Newly-released documents further establish Donald Trump’s freeze of security assistance until Ukraine announced investigations to tarnish political rivals and to cover up Russia’s involvement in the 2016 US elections.

Last month, a court ordered the White House to release almost 300 pages of e-mails — material which had been withheld from House committees holding impeachment hearings — to the Center for Public Integrity. Two sets were released on December 12 and 21, but there were numerous redactions.

The website Just Security has now seen unredacted copies of the e-mails covering the period between June, when Trump first raised the issue of security assistance, and early October.

The material is explicit in establishing Trump’s personal direction of the freeze of $250 million from the Pentagon and $141 million from the State Department.

Michael Duffey, the top political appointee at the Office of Management and Budget, was implementing Trump’s order. Only 90 minutes after a July 25 call between Trump and Ukraine President Volodymyr Zelenskiy — a call that led to a formal complaint and then the impeachment hearings — Duffey commanded the Pentagon to hold up the security assistance and told the military to keep silent about the issue.

In an August 30 e-mail to Pentagon comptroller Elaine McCusker, Duffey quashed the military’s desire to release the aid: “Clear direction from POTUS [Trump] to continue to hold.”

Duffey’s direction to McCusker came hours after National Security Advisor Bolton, Defense Secretary Mark Esper, and Secretary of State Mike Pompeo finally obtained a meeting with Trump about the aid freeze. They cited the importance of the assistance to Ukraine, in the face of Russia’s annexation of Crimea and ongoing support of separatists in the east of the country. They noted that Trump might be illegally flouting Congress’s authorization of the aid.

But the officials made no progress, with Trump deriding Zelenskiy as a leader who was not interested in reform.

See also EA Video Analysis: An 8-Point Guide to The Impeachment of Donald John Trump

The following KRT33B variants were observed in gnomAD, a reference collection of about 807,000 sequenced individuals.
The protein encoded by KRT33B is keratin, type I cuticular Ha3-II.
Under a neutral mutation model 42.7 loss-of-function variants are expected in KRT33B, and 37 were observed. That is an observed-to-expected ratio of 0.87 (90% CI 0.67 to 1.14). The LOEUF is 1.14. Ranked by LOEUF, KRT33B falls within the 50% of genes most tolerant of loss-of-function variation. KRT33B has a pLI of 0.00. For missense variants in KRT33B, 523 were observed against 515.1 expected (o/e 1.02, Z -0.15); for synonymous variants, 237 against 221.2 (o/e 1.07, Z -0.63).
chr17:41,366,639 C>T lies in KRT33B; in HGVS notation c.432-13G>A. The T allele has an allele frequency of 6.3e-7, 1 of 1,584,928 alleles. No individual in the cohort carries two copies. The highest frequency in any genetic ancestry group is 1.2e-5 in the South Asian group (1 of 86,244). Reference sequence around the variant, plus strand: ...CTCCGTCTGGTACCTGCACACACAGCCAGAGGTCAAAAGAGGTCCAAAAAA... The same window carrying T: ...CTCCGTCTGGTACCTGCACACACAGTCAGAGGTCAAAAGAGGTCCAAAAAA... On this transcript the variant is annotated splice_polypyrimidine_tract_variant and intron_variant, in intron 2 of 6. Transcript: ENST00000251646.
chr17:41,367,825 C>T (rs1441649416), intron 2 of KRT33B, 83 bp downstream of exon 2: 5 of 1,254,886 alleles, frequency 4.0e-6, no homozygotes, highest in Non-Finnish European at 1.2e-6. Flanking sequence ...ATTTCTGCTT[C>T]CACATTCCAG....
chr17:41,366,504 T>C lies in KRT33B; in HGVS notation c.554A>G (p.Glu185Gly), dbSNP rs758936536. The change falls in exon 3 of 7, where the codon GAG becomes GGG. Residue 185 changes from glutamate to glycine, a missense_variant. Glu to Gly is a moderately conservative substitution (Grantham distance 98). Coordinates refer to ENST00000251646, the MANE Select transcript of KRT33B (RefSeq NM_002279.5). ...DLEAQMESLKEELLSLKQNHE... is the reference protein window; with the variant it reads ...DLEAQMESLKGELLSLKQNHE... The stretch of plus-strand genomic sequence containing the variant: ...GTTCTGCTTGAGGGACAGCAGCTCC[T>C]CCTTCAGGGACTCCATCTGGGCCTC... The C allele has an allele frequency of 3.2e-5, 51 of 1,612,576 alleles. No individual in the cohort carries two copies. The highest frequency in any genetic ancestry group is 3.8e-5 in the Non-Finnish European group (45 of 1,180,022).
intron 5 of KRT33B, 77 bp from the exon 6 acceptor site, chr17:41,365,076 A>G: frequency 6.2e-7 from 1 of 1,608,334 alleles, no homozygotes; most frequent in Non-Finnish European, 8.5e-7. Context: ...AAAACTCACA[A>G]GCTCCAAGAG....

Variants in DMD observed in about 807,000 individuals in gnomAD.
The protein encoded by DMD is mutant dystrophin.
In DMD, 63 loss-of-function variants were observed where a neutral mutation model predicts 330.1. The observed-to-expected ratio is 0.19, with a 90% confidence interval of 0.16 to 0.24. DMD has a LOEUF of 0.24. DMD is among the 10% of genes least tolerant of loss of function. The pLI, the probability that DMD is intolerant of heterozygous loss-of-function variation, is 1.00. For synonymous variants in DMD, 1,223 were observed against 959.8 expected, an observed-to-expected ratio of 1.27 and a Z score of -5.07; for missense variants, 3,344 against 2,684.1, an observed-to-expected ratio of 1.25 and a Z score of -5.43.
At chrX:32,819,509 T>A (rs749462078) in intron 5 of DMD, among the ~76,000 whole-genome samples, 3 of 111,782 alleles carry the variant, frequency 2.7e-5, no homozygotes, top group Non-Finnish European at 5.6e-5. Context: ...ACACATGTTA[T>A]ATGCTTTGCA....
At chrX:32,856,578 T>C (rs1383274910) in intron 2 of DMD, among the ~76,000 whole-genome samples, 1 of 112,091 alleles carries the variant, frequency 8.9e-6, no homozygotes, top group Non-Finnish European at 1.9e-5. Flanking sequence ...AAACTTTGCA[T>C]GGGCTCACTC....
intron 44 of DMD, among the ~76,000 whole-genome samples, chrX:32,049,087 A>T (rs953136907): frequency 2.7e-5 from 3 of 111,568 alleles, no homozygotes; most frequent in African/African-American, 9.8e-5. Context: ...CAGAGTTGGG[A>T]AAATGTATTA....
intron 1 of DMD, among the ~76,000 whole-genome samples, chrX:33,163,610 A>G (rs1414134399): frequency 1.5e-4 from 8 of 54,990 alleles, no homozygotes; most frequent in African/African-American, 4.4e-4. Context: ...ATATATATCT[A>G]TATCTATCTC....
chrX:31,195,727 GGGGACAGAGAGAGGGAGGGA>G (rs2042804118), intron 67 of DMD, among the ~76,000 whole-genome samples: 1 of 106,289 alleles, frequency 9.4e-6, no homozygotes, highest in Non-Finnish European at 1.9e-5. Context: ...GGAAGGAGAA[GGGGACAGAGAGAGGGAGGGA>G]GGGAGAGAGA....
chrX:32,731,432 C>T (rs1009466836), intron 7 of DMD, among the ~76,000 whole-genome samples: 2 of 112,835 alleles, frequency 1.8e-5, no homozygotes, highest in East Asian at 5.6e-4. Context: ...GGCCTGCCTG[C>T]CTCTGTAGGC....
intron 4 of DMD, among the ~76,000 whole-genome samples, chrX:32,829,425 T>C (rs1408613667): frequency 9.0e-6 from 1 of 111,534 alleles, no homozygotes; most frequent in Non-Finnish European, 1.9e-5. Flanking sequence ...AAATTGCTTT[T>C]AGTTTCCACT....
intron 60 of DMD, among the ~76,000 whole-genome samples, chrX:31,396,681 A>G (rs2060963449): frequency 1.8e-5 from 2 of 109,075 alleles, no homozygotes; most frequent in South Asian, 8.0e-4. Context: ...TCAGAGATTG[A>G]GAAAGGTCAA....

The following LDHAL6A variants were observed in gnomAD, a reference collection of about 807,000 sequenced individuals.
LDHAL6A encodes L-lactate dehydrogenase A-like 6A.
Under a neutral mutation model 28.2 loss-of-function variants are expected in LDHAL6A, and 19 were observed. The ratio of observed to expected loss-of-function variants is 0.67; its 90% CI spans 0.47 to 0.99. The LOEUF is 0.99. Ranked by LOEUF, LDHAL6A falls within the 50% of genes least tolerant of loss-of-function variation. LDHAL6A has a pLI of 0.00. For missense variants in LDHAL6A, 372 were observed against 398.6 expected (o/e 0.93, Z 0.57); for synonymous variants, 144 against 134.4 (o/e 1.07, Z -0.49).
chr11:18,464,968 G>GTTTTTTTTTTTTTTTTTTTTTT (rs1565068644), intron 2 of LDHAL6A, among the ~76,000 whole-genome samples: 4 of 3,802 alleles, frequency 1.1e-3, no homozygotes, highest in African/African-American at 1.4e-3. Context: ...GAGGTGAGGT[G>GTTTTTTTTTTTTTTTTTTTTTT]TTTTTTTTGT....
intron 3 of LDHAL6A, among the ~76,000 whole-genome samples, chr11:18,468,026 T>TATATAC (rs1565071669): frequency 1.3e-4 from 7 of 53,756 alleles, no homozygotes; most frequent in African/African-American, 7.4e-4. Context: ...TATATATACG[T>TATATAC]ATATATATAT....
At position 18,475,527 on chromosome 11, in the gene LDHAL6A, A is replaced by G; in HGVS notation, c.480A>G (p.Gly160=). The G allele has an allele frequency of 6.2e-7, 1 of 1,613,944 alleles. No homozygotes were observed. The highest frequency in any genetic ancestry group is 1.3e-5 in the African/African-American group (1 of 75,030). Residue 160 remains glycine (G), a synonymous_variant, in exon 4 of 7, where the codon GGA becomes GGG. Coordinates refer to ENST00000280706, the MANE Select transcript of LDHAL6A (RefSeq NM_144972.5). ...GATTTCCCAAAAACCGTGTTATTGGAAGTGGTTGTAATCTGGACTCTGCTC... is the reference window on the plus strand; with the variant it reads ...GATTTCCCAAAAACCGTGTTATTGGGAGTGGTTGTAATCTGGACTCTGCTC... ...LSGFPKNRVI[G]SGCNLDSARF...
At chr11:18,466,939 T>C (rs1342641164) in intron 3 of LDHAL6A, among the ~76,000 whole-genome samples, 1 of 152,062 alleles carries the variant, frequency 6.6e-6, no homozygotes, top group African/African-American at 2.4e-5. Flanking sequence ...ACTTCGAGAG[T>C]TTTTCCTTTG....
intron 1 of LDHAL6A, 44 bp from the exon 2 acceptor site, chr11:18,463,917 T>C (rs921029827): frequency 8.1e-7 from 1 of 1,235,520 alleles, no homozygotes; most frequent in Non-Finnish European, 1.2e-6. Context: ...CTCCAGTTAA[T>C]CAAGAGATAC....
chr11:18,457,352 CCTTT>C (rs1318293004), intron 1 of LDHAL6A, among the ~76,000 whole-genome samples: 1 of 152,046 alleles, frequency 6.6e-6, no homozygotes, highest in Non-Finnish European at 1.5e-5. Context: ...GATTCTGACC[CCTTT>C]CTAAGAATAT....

TrumpWatch, Day 1,075: The “Drug Deal” — Trump’s Quid Pro Quo of Ukraine Aid for Investigations

The documents detail that on July 26, the day after the Trump-Zelenskiy call, a National Security Council meeting expressed unanimous support for the resumption of aid. However, “OMB noted that the President’s direction via the Chief of Staff [Mick Mulvaney] in early July was to suspend security assistance to Ukraine”.

Throughout August, the Pentagon expressed its concern about whether Trump’s action was legal. The military also faced the end of the fiscal year, when aid would be returned to the Treasury if it was not distributed.

The situation escalated on August 28 when Politico broke the news of Trump’s order. But two days later, Duffey shut down objections with his “clear direction from POTUS e-mail”. And on September 1, at a meeting in Warsaw, US Ambassador to the EU Gordon Sondland — a key player in the 10-month campaign by Trump and his personal attorney Rudy Giuliani over Ukraine — told Kyiv’s officials that they would have to announce the investigations to get Washington’s support.

Shifting Blame

However, the Trump camp now faced the revelation of the complaint, made by the CIA liaison with the White House, over the Trump-Zelenskiy call. House committees were formally notified of the document, which tied Trump’s pressure on Kyiv to the investigations.

So on September 9, Duffey tried to limit the political damage with an e-mail to McCusker. He tried to pin the blame on the Pentagon if aid did not reach Kyiv: “If you are unable to obligate the funds, it will have been DoD’s decision that cause any impoundment of funds.

McCusker responded, “You can’t be serious. I am speechless.”

Two days later Trump lifted the freeze. Duffey e-mailed McCusker with the news. When the comptroller asked why, Duffey responded, “Not exactly clear but President made the decision to go. Will fill you in when I get details.”

Democrats Bolstered As Trial Looms

Democrats used the documents to make their case that witnesses should be allowed to testify in the forthcoming trial of Trump over abuse of power and obstruction of Congress.

Senate Majority Leader McConnell has protected Trump so far by refusing, in discussions with Minority Leader Chuck Schumer, to permit witnesses. They include Duffey, Mulvaney, Bolton, and Mulvaney’s top aide Robert Blair.

House Intelligence Committee chair Adam Schiff noted that the White House had defied subpoenas for the e-mails:

From their deeply incriminating character, we can now see why they were concealed: They directly corroborate witnesses who testified that military aid to Ukraine was withheld at the direction of the President and that the White House was informed doing so may violate the law. The Administration did not want Congress to find out why.

House Speaker Nancy Pelosi echoed: